10 The Unpleasant Taste and Odor
According to some women, a raw placenta tastes a little bloody and has a mealy texture. To others, it has an overwhelming metallic smell.
Because of the offensive taste and the aroma, some women find to necessary to eat them like oysters by swallowing small portions whole—no chewing involved. Blending the placenta into a fruit smoothie can disguise the strong iron taste, and make it easier to swallow. Drying the placenta into pill form has become the most popular method of placentophagy, which makes sense if mothers are trying to mask the unpleasant taste and odor.
9 You May Not Reap the Intended Benefits
To make eating placenta more palatable, “chefs” have come up with cookbooks. Human placenta can be prepared in a variety of ways:
- In a smoothie
- Sautéed with onions
- Made into a pâté
- Made into a lasagna
If you prefer to consume your placenta in pill form, the placenta needs to be boiled or steamed, dehydrated, ground into a powder, and placed into capsules. But because it has to undergo such processing, the pills do not provide the same benefits as consuming the raw tissue.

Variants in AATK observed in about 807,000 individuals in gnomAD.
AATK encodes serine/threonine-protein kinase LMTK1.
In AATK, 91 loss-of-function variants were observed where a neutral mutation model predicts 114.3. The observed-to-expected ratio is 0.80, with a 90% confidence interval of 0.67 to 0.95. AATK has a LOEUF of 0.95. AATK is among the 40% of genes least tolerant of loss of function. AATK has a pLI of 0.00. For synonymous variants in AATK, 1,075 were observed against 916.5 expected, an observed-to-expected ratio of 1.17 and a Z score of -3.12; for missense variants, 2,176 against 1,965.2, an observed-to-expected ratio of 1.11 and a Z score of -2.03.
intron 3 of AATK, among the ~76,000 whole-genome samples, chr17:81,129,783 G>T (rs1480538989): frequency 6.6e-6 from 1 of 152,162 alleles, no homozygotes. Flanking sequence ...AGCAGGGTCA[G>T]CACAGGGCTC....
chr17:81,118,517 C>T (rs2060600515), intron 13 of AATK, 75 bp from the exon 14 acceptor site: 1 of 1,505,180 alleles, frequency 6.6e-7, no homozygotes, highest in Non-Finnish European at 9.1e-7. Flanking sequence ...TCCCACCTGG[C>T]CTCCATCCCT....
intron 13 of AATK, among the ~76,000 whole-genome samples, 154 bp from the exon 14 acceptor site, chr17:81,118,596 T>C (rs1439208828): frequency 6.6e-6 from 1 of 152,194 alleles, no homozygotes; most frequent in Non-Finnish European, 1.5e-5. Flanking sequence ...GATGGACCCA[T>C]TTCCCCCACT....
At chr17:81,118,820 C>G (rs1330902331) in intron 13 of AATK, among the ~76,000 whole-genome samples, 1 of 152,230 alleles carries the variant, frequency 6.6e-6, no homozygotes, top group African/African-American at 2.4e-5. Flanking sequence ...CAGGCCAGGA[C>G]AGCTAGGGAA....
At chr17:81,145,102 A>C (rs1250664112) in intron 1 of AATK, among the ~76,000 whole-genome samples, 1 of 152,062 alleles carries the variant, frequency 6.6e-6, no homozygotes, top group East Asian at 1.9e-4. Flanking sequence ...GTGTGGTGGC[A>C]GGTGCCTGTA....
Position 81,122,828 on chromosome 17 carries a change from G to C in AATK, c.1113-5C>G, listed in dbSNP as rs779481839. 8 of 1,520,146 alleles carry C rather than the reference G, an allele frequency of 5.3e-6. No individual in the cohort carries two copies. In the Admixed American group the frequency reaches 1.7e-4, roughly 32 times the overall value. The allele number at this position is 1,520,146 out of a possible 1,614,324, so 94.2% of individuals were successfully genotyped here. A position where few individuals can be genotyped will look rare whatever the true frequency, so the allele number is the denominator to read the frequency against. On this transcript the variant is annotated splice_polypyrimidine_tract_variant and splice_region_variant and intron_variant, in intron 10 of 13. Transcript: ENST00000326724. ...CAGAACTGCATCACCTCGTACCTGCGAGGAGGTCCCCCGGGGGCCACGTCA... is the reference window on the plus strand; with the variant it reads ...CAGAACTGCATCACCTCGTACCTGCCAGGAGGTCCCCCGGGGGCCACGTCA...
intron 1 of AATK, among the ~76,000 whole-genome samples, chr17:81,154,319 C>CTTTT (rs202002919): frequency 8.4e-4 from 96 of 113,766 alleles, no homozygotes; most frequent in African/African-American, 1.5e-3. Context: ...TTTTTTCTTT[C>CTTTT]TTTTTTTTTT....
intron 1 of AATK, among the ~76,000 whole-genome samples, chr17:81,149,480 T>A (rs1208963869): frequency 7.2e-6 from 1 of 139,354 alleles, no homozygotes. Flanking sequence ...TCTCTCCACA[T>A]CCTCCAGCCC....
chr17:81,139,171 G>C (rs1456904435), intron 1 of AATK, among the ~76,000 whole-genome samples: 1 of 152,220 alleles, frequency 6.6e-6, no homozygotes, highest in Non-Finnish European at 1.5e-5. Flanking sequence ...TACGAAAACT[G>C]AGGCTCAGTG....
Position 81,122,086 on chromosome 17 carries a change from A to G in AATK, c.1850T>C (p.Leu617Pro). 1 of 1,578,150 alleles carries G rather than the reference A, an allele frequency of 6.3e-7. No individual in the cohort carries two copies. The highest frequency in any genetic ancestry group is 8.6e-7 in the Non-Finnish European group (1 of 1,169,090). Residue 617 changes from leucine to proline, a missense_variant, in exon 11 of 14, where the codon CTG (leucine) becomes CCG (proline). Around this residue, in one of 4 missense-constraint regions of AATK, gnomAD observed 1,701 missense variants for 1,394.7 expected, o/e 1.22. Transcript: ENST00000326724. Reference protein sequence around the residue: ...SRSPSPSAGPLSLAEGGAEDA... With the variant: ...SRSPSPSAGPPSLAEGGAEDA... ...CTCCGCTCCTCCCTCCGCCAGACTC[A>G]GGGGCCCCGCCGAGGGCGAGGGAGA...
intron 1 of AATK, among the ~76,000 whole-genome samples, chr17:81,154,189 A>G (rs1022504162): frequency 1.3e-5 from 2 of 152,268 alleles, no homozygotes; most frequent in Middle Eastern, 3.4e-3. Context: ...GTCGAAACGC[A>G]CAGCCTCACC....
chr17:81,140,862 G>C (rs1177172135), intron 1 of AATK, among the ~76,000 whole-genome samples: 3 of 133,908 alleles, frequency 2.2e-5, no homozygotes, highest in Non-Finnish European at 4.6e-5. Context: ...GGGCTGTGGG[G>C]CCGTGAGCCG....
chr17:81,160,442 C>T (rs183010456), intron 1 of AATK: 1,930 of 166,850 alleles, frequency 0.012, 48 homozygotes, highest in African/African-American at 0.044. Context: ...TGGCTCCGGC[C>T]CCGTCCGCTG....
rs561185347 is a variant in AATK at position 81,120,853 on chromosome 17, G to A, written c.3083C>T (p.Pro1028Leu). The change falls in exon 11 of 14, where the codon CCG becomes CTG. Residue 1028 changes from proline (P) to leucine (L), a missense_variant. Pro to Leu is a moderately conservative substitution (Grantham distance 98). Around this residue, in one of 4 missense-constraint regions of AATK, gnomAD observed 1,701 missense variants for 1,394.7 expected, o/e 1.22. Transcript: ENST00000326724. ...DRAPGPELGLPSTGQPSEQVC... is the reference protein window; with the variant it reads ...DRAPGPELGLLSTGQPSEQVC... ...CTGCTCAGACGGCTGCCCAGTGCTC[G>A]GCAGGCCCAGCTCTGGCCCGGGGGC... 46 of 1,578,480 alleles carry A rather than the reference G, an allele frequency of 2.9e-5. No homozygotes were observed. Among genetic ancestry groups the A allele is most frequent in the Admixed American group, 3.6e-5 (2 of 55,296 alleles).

There’s a big difference between consuming a raw placenta directly after childbirth, and drying it or freezing it for later use. The preparation method can degrade the nutrients and hormones, negatively affecting the potency.
8 The Placebo Effect
A survey of 189 new mothers revealed that most participants experienced positive results after eating their placentas. In fact, their experiences were so positive, they would do it again following subsequent pregnancies. While a placebo-controlled study has not been conducted to determine the effectiveness of placenta consumption, scientists are aware that the brain possesses a power that can bring about a healing process if they feel something is being done.